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Eur Heart J. 2019 Jun 14;40(23):1862-1869. doi: 10.1093/eurheartj/ehz316.

Incidence of device-related infection in 97 750 patients: clinical data from the complete Danish device-cohort (1982-2018).

Author information

1
Department of Cardiology, Odense University Hospital, J. B. Winsløws Vej 4, Odense, Denmark.
2
Department of Heart, Lung and Vascular Surgery, Odense University Hospital, J. B. Winsløws Vej 4, Odense, Denmark.
3
Danish Pacemaker and ICD Register, Department of Cardiology, Odense University Hospital, J. B. Winsløws Vej 4, Odense, Denmark.
4
Department of Cardiology, Aarhus University Hospital, Palle Juul-Jensens, Boulevard 99, Aarhus, Denmark.
5
Department of Cardiology, Aalborg University Hospital, Hobrovej 18-22, Aalborg, Denmark.
6
Department of Cardiology, Blegdamsvej 9, Denmark, Rigshospitalet, Copenhagen.

Abstract

AIMS:

Device-related infection (DRI) is a severe complication to cardiac implantable electronic devices (CIED) therapy. Device-related infection incidence and its risk factors differ between previous studies. We aimed to define the long-term incidence and incidence rates of DRI for different types of CIEDs in the complete Danish device-cohort and identify patient-, operation- and device-related risk factors for DRI.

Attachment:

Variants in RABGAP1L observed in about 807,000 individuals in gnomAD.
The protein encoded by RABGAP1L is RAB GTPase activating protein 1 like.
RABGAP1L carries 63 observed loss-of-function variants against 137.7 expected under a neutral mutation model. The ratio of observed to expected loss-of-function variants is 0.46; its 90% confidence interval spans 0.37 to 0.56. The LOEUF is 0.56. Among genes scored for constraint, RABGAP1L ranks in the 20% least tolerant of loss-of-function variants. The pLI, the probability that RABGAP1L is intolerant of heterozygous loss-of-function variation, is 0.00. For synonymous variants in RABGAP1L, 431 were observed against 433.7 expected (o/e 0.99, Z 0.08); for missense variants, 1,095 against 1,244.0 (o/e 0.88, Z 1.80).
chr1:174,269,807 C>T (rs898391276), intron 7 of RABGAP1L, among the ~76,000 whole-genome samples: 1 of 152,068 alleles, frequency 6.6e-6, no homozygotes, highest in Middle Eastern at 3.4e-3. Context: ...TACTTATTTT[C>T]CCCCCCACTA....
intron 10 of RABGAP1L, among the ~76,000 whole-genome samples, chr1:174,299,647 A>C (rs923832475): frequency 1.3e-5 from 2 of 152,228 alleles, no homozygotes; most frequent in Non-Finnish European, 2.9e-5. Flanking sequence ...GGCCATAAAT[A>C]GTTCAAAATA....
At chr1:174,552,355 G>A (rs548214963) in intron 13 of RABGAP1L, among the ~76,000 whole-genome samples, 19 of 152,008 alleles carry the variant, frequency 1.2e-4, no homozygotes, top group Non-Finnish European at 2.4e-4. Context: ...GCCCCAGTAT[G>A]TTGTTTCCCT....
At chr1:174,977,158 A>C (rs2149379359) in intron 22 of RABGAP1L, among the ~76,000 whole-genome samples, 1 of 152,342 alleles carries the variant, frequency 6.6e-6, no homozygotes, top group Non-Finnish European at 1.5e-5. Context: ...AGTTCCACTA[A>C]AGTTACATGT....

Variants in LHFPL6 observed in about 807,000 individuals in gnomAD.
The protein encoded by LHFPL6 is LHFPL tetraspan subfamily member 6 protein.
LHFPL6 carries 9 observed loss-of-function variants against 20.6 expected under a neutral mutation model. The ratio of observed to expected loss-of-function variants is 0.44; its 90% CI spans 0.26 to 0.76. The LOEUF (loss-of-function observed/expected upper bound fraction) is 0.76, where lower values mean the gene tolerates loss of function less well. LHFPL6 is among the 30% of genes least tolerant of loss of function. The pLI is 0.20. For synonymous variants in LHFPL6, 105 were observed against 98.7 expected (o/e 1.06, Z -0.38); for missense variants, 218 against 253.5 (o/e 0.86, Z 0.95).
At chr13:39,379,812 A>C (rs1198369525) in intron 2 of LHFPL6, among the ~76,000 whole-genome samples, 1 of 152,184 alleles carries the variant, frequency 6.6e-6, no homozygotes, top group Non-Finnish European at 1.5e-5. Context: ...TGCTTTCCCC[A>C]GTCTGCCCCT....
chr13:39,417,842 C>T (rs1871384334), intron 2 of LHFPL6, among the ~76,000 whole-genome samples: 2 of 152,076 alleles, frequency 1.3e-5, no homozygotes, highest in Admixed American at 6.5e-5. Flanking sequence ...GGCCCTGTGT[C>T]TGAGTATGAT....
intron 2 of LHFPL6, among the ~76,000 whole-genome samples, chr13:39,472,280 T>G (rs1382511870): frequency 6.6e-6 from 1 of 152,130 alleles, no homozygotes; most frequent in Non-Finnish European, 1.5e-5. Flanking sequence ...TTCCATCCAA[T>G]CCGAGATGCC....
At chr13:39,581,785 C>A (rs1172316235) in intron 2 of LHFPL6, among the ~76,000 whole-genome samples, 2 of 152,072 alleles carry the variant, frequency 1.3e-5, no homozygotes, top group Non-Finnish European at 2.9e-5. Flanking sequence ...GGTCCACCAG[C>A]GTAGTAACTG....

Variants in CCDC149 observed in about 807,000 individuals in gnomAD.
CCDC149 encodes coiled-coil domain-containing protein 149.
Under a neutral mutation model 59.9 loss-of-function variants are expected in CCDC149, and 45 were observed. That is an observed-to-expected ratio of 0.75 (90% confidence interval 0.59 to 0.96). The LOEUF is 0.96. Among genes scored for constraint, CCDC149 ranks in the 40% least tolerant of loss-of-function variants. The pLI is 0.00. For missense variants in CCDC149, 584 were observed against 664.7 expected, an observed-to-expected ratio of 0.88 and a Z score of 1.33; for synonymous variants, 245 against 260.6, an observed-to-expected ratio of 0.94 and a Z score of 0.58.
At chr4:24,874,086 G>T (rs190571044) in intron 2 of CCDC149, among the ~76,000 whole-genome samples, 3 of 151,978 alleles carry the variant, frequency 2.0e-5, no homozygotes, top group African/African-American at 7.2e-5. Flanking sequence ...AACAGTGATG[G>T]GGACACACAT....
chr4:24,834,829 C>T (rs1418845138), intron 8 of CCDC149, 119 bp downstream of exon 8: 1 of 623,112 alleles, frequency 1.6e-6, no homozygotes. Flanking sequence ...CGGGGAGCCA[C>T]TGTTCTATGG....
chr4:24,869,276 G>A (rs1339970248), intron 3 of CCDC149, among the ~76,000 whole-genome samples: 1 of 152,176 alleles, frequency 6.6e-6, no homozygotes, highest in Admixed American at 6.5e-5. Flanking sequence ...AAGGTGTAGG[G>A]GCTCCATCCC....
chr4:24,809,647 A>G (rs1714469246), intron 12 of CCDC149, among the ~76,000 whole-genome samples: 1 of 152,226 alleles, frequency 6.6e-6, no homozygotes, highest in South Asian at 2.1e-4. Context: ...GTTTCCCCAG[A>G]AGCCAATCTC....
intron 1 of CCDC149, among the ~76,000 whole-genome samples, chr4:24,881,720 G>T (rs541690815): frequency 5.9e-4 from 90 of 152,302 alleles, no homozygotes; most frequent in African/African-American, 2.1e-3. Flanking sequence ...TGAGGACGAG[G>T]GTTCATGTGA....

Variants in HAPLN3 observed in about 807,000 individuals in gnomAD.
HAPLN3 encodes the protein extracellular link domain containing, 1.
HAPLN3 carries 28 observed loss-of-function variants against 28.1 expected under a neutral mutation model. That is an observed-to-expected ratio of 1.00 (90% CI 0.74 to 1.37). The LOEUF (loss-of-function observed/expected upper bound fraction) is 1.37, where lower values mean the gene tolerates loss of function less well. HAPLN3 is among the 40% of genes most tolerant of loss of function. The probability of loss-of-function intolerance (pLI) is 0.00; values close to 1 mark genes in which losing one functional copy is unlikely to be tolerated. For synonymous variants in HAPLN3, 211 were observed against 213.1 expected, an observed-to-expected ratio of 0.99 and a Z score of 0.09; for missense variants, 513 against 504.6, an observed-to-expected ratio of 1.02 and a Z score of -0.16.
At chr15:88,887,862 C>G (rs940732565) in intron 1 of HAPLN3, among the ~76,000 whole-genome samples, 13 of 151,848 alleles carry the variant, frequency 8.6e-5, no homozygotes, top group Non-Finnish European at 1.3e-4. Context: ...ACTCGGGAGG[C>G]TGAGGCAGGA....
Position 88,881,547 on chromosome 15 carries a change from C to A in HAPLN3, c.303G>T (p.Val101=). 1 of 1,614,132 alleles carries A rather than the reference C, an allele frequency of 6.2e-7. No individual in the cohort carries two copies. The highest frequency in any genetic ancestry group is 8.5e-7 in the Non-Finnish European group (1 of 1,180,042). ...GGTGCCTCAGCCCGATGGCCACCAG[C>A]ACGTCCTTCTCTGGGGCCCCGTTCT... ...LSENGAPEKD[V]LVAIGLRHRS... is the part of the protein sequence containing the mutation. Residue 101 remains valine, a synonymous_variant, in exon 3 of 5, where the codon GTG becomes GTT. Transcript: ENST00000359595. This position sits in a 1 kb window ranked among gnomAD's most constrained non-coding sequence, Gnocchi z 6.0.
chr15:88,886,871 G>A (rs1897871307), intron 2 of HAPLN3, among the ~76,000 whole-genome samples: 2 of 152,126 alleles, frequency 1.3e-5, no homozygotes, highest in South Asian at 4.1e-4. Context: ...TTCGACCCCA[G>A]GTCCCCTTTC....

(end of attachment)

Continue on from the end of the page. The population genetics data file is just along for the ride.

METHODS AND RESULTS:

From the Danish Pacemaker (PM) and implantable cardioverter-defibrillator (ICD) Register, we included consecutive Danish patients undergoing CIED implantation or reoperation from January 1982 to April 2018, resulting in 97 750 patients, 128 045 operations and follow-up of in total 566 275 device years (DY). We identified 1827 DRI causing device removals. Device-related infection incidence during device lifetime was 1.19% (1.12-1.26) for PM, 1.91% (1.71-2.13) for ICD, 2.18% (1.78-2.64) for cardiac resynchronization therapy (CRT)-pacemakers (CRT-P), and 3.35% (2.92-3.83) for CRT-defibrillators (CRT-D). Incidence rates in de novo implantations were 2.04/1000 DY for PM, 3.84 for ICD, 4.38 for CRT-P, and 6.76 for CRT-D. Using multiple-record and multiple-event per subject proportional hazard analysis, we identified implantation of complex devices (ICD and CRT), reoperations, prior DRI, male sex, and younger age as significantly associated with higher DRI risk.

CONCLUSION:

Overall risk of infection was low in PM implantations but considerably higher in CRT systems and after reinterventions. These data support the importance of evaluating all patients considered for CIED therapy thoroughly, in order to identify potential modifiable risk factors and reduce the risk of early reoperations.

KEYWORDS:

CIED; CRT; Device; ICD; Incidence; Infection; Pacemaker

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